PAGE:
Quadratic Trinomials, Quadratic Equations, and the Quadratic Formula Help (page 2)
Introduction to Qudratic Trinomials and Equations
A quadratic trinomial contains an x2 term as well as an x term. For example, x2 – 6x + 8 is a quadratic trinomial. You can factor quadratic trinomials by using the FOIL method in reverse.
Let's factor x2 – 6x + 8.
Start by looking at the last term in the trinomial: 8. Ask yourself, "What two integers, when multiplied together, have a product of positive 8?" Make a mental list of these integers:
1 ×8 –1× –8 2 ×4 –2× –4
Next look at the middle term of the trinomial: –6x. Choose the two factors from the list you just made that also add up to the coefficient –6:
–2 and –4
Now write the factors using –2 and –4:
(x – 2)(x – 4)
Use the FOIL method to double-check your answer:
(x – 2)(x – 4) = x2 – 6x + 8
You can see that the answer is correct.
A quadratic equation is an equation that does not graph into a straight line. The graph will be a smooth curve. An equation is a quadratic equation if the highest exponent of the variable is 2. Here are some examples of quadratic equations:
x2 + 6x + 10 = 0
6x2 + 8x – 22 = 0
A quadratic equation can be written in the form: ax2+ bx + c = 0. The a represents the number in front of the x2 variable. The b represents the number in front of the x variable and c is the number. For instance, in the equation 2x2 + 3x + 5 = 0, the a is 2, the b is 3, and the c is 5. In the equation 4x2 – 6x + 7 = 0, the a is 4, the b is –6, and the c is 7. In the equation 5x2 + 7 = 0, the a is 5, the b is 0, and the c is 7. In the equation 8x2 – 3x = 0, the a is 8, the b is –3, and the c is 0. Is the equation 2x + 7 = 0 a quadratic equation? No! The equation does not contain a variable with an exponent of 2. Therefore, it is not a quadratic equation.
Solving Quadratic Equations Using Factoring
Why is the equation x2 = 4 a quadratic equation? It is a quadratic equation because the variable has an exponent of 2. To solve a quadratic equation, first make one side of the equation zero. Let's work with x2 = 4.
Subtract 4 from both sides of the equation to make one side of the equation zero: x2 – 4 = 4 – 4. Now, simplify x2 – 4 = 0. The next step is to factor x2 – 4. It can be factored as the difference of two squares: (x – 2)(x + 2) = 0.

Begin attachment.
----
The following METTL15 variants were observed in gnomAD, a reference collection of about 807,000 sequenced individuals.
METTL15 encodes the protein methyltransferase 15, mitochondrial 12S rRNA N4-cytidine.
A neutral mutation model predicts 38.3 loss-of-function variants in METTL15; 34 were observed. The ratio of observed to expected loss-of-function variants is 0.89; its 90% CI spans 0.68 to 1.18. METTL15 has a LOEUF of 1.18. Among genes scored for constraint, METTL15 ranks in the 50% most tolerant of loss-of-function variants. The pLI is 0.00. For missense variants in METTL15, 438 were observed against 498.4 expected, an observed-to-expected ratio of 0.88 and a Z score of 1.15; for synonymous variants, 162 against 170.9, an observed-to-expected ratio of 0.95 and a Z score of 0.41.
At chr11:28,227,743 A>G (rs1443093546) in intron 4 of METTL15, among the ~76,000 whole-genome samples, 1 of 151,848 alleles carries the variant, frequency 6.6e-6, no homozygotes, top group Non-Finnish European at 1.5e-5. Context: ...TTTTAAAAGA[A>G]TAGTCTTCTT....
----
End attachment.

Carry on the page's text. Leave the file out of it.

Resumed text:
If ab = 0, you know that either a or b or both factors have to be zero because a times b = 0. This is called the zero product property, and it says that if the product of two numbers is zero, then one or both of the numbers have to be zero. You can use this idea to help solve quadratic equations with the factoring method.
Use the zero product property, and set each factor equal to zero: (x – 2) = 0 and (x + 2) = 0.
When you use the zero product property, you get linear equations that you already know how to solve.
Solve the equation: x – 2 = 0 Add 2 to both sides of the equation. x – 2 + 2 = 0 + 2 Now, simplify: x = 2 Solve the equation: x + 2 = 0 Subtract 2 from both sides of the equation. x + 2 – 2 = 0 – 2 Simplify: x = –2
You got two values for x. The two solutions for x are 2 and –2. All quadratic equations have two solutions. The exponent 2 in the equation tells you that the equation is quadratic, and it also tells you that you will have two answers.
Tip: When both your solutions are the same number, this is called a double root. You will get a double root when both factors are the same.
Before you can factor an expression, the expression must be arranged in descending order. An expression is in descending order when you start with the largest exponent and descend to the smallest, as shown in this example: 2x2 + 5x + 6 = 0.
All quadratic equations have two solutions. The exponent of 2 in the equation tells you to expect two answers.
|x2 – 3x – 4 = 0|
|Factor the trinomial x2 –3x – 4.||(x – 4)(x + 1) = 0|
|Set each factor equal to zero.||x – 4=0 and x + 1= 0|
|Solve the equation.||x – 4 = 0|
|Add 4 to both sides of the equation.||x – 4 + 4 = 0 + 4|
|Simplify.||x = 4|
|Solve the equation.||x + 1 = 0|
|Subtract 1 from both sides of the equation.||x + 1 – 1 = 0 – 1|
|Simplify.||x = –1|
|The two solutions for the quadratic equation are 4 and –1.|
Tip: When you have an equation in factor form, disregard any factor that is a number and contains no variables. For example, in 4(x – 5) (x + 5) = 0, disregard the 4. It will have no effect on your two solutions.
Solving Quadratic Equations by Using the Zero Product Rule
If a quadratic equation is not equal to zero, rewrite it so that you can solve it using the zero product rule.